These cases have included insurance disputes relating to career-ending footballing injuries (Southampton Leisure Holdings PLC v Avon Insurance), and others have involved accidents arising from mountain biking (Sudden fracture of handlebar causing accident and brain damage to rider – Ide v ATB Sales  EWHC 1667 and  EWCA Civ 424), motorcycling (Sudden failure of swinging arm of motorcycle resulting in accident and serious injury to rider), swimming (Near-fatal drowning incident in pool – issues as to safety systems and supervision), diving (Serious neck injuries in cases involving Claimants diving into shallow reservoir and pond on common land respectively), leisure flying (Helicopter crash in poor weather in UK – Stevens v Allianz and Chaucer Syndicates), horse riding (Issue as to suitability of horse for inexperienced rider who was injured when horse bolted) and weight training (Injury while using gym machine. Issue as to safety of the equipment and quality of supervision).
Richard has extensive experience of claims involving allegations of exaggeration or dishonesty in respect of injuries or financial loss. Cases have included successfully deploying covert surveillance evidence to disprove complaints, establishing that documents had been forged and establishing at trial that an allegation against an innocent driver of involvement in a serious accident was the result of a fraudulent conspiracy.
Reported cases include:
- Markel and QBE v SGC  Lloyd’s Rep IR 177 (Director’s liability);
- Ted Baker v AXA Insurance  EWHC 1406 (Insurance consequences of
theft by an employee);
- Joyce v O’Brien and Tradex Insurance Co  EWHC 1234 and  EWCA 546 (Ex Turpi Causa).
He has lectured on issues related to dishonesty including Section 57 of the 2015 Act, Contempt Proceedings, Claims for Deceit and Ex Turpi Causa.
His experience in civil litigation is supplemented by his previous experience in the criminal courts involving inter alia the prosecution of offences of dishonesty and fraud.
He sat as a Recorder in the Crown Court for 10 years.
“He is very experienced, knowledgeable and pragmatic. He gives sound and detailed advice and is very good on the detail.”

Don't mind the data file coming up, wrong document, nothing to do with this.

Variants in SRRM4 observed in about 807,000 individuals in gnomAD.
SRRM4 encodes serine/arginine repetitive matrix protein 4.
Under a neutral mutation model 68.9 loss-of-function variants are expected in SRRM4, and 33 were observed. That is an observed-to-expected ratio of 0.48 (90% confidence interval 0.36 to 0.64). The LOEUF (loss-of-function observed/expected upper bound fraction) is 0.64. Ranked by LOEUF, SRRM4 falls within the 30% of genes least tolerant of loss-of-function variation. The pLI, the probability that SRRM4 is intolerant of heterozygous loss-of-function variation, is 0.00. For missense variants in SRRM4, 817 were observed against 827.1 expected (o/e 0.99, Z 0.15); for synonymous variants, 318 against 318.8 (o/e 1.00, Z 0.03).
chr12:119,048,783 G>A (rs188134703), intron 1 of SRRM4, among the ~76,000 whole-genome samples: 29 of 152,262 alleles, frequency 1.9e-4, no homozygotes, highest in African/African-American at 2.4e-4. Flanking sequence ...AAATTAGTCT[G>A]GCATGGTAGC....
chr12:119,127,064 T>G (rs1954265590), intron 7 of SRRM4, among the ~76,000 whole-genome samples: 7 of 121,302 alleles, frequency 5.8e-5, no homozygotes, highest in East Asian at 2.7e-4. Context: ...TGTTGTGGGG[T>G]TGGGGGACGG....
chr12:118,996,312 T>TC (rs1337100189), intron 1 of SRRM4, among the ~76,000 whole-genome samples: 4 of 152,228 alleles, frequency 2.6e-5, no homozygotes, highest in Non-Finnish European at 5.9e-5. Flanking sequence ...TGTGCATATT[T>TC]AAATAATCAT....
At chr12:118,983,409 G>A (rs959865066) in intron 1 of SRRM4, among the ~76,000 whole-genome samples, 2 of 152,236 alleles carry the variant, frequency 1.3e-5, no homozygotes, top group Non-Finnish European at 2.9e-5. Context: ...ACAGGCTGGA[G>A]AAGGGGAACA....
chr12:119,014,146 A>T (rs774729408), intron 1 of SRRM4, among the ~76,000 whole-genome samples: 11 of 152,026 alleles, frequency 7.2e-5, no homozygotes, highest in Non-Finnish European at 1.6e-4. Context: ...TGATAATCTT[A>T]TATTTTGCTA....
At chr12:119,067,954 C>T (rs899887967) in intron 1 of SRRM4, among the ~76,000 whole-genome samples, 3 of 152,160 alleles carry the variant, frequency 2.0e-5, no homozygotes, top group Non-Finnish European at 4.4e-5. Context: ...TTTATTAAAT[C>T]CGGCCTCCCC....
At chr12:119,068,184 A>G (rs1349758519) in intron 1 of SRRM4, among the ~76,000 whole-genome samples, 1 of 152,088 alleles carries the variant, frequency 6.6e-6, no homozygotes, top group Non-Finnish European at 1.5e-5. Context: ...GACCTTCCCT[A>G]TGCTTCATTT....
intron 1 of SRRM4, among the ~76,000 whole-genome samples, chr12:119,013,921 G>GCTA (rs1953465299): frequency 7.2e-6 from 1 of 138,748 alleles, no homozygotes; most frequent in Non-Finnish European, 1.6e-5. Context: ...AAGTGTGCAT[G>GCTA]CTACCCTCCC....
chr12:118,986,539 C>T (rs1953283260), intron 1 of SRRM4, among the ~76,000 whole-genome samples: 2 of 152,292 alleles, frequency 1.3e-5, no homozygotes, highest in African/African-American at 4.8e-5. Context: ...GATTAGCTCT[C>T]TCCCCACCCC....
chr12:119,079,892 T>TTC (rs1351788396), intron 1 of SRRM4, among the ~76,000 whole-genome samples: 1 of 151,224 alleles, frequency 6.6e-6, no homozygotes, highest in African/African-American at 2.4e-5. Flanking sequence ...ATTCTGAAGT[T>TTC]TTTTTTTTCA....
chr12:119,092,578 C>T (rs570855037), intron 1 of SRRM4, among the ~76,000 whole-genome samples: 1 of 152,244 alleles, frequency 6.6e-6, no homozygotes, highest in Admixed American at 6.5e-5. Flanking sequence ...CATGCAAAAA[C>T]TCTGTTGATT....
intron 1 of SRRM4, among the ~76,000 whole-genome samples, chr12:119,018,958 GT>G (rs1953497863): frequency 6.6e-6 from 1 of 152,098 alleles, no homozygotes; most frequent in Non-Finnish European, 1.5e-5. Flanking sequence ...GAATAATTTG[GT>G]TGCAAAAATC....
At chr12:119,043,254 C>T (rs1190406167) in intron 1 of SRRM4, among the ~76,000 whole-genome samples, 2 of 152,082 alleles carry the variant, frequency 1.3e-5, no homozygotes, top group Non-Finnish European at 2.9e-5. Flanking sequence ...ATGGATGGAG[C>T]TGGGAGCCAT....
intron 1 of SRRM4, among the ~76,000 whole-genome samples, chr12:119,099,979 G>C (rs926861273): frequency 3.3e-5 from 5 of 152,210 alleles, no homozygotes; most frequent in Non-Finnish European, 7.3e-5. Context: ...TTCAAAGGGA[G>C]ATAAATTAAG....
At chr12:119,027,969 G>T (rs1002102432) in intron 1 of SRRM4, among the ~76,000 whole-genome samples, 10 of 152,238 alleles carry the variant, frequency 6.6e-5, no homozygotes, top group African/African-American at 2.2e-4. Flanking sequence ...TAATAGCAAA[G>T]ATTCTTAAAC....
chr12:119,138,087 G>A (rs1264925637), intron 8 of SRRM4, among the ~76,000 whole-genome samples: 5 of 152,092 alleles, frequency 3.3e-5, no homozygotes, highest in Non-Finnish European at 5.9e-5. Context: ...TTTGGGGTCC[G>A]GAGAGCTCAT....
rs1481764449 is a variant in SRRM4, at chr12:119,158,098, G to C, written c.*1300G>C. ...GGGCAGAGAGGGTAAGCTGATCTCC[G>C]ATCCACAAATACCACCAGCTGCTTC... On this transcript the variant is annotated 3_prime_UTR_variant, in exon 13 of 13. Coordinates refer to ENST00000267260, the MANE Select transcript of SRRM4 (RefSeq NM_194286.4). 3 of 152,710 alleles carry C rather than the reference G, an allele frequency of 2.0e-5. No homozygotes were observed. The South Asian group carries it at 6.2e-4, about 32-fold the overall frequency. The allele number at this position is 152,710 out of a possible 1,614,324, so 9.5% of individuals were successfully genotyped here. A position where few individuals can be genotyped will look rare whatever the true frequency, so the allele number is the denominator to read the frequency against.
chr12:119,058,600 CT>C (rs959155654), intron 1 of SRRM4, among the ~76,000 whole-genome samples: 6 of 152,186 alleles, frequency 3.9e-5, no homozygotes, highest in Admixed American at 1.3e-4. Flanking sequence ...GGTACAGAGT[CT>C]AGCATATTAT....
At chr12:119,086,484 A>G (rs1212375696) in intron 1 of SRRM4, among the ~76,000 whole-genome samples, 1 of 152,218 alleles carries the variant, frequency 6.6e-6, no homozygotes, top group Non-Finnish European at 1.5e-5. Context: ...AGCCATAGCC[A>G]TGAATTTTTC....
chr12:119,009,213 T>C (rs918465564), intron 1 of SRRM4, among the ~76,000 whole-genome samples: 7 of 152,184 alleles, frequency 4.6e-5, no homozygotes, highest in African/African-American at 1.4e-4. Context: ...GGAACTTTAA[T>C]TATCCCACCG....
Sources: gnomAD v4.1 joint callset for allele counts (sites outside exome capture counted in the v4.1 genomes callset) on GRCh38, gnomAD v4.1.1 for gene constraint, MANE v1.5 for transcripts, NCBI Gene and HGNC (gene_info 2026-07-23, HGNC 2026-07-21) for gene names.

Chambers & Partners, 2022
“Extremely knowledgeable in insurance work. Richard is extremely thorough and pays great attention to detail, which is imperative in this type of work. Provides sensible, pragmatic advice for clients and his experience shows through in difficult negotiations. Very much a team player, always works to deadlines and is very efficient.”
Legal 500, 2022
“The perfect QC – a skilful advocate with an excellent knowledge of the law.”
Legal 500, 2021
“He is extremely experienced and very forensic in his approach. His attention to detail is second to none.”
Chambers & Partners, 2021
“Extremely knowledgeable and pays great attention to detail, which is always necessary in indemnity/coverage cases – he draws on his vast experience to find solutions, is calm and unruffled, and a very good advocate.”
Legal 500, 2021
“An extremely experienced barrister who is calm, measured and forensic, as well as extremely quick and responsive. He is very much a team player.”
Chambers & Partners, 2020
‘He is very commercially aware. ’
Legal 500, 2020
“His advocacy and client care are first rate.”
Chambers & Partners, 2020
“The consummate QC, there is no better”
Legal 500, 2018
“Highly knowledgeable in his field. Very thorough. He provides a pragmatic analysis of the issues informed by his wealth of experience.”
Legal 500, 2017
“He is held in high regard for his tactical skills and steely determination – you want him on your side.”
Chambers & Partners, 2016
“He’s extremely knowledgeable, easy to talk to and has a very good presence in court – all the things you would look for in a barrister.”
Chambers & Partners, 2016